Again, in education, the linear model where you’re taught to continue with what has come before is 1. instructive and prescriptive and 2. does not have a conception of Without-The-Box thinking. The whole thing is against Without-The-Box Thinking.
What am I talking about? Consider the below example collated on the Farnam Street blog.
The entrepreneurs who stuck with Silicon Valley learned four big lessons from the dot-com crash that still guide business thinking today:
1. Make incremental advances — “Grand visions inflated the bubble, so they should not be indulged. Anyone who claims to be able to do something great is suspect, and anyone who wants to change the world should be more humble. Small, incremental steps are the only safe path forward.”
2. Stay lean and flexible — “All companies must be lean, which is code for unplanned. You should not know what your business will do; planning is arrogant and inflexible. Instead you should try things out, iterate, and treat entrepreneurship as agnostic experimentation.”
3. Improve on the competition — “Don’t try to create a new market prematurely. The only way to know that you have a real business is to start with an already existing customer, so you should build your company by improving on recognizable products already offered by successful competitors.”
4. Focus on product, not sales — “If your product requires advertising or salespeople to sell it, it’s not good enough: technology is primarily about product development, not distribution. Bubble-era advertising was obviously wasteful, so the only sustainable growth is viral growth.”
These lessons have become dogma in the startup world; those who would ignore them are presumed to invite the justified doom visited upon technology in the great crash of 2000. And yet the opposite principles are probably more correct.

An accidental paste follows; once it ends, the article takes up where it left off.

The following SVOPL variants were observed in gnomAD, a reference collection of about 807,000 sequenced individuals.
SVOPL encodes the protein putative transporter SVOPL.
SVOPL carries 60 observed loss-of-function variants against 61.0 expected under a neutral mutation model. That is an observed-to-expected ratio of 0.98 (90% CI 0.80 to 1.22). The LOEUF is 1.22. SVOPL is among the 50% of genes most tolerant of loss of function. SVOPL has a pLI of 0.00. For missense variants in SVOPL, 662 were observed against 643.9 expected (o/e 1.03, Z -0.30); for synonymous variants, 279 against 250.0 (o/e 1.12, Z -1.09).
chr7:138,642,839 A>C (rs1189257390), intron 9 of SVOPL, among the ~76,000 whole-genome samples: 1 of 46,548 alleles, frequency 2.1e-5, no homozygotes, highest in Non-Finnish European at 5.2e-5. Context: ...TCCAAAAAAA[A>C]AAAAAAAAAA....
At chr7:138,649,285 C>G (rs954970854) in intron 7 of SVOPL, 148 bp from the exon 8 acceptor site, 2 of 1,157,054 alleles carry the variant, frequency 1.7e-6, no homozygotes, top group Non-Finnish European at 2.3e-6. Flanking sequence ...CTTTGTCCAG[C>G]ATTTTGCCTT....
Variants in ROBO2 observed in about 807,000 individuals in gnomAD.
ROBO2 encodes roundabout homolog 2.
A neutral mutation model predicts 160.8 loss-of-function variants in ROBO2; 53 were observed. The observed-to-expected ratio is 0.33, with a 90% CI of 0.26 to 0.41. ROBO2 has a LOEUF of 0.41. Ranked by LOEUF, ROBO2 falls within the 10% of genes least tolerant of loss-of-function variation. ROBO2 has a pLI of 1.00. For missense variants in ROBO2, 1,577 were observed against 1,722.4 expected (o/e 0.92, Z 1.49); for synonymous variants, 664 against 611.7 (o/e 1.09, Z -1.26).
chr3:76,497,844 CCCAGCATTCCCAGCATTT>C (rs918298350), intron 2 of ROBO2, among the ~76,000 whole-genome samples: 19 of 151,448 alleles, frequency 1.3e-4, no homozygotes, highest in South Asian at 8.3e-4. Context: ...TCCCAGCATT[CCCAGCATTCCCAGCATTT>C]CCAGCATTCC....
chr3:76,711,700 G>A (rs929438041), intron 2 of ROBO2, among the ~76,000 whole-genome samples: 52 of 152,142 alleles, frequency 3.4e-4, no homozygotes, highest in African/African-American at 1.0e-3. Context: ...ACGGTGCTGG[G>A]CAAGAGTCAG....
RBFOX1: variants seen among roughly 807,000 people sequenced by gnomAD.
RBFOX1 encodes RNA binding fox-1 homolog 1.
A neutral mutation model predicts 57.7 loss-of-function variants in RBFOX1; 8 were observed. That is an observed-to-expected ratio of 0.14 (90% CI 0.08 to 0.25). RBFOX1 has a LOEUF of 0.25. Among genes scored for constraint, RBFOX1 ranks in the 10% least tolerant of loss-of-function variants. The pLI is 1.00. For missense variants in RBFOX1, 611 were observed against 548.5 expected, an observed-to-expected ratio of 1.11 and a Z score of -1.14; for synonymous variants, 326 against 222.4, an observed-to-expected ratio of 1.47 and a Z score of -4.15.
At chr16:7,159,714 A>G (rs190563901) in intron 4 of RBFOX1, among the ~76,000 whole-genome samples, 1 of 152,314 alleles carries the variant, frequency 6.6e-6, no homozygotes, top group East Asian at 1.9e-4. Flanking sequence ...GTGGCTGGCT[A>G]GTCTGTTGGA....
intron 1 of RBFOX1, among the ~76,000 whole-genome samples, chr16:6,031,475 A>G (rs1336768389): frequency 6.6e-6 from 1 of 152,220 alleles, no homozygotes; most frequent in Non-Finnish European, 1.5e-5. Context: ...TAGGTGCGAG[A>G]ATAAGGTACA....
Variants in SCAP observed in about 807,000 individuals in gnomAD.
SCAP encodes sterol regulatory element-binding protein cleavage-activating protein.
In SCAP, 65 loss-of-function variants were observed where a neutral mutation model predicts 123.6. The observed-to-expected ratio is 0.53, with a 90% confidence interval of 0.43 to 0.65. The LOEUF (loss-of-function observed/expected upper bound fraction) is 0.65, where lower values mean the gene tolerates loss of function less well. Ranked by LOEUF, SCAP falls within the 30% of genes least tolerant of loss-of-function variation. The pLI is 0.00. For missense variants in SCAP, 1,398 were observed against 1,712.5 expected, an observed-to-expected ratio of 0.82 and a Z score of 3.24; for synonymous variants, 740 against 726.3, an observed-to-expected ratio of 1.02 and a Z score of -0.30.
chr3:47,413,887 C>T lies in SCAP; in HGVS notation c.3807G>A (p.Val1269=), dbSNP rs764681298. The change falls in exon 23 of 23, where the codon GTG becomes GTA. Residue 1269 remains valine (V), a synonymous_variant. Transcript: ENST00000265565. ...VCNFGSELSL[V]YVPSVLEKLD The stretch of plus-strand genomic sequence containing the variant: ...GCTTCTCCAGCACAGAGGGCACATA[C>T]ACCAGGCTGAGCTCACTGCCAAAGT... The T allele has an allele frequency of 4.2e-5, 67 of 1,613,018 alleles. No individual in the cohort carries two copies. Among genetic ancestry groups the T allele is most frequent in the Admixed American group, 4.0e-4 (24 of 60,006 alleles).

1. It is better to risk boldness than triviality.2. A bad plan is better than no plan.3. Competitive markets destroy profits.4. Sales matters just as much as product.”
To build the future we need to challenge the dogmas that shape our view of the past. That doesn’t mean the opposite of what is believed is necessarily true, it means that you need to rethink what is and is not true and determine how that shapes how we see the world today. As Thiel says, “The most contrarian thing of all is not to oppose the crowd but to think for yourself.
Eleven — rivalry and competition force us to copy the past
Rivalry and petty competition forces us to copy the past and prevents us from moving forward. Normally people fight but not for a clear reason — I think some part of this is the regression to the mean that is part of our education system, which again is the precise opposite of what should be happening. Short-term thinking is all about rushing towards ‘what works’ at the expense of broader thinking.
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The episodes on Peter Thiel are #195 to #202!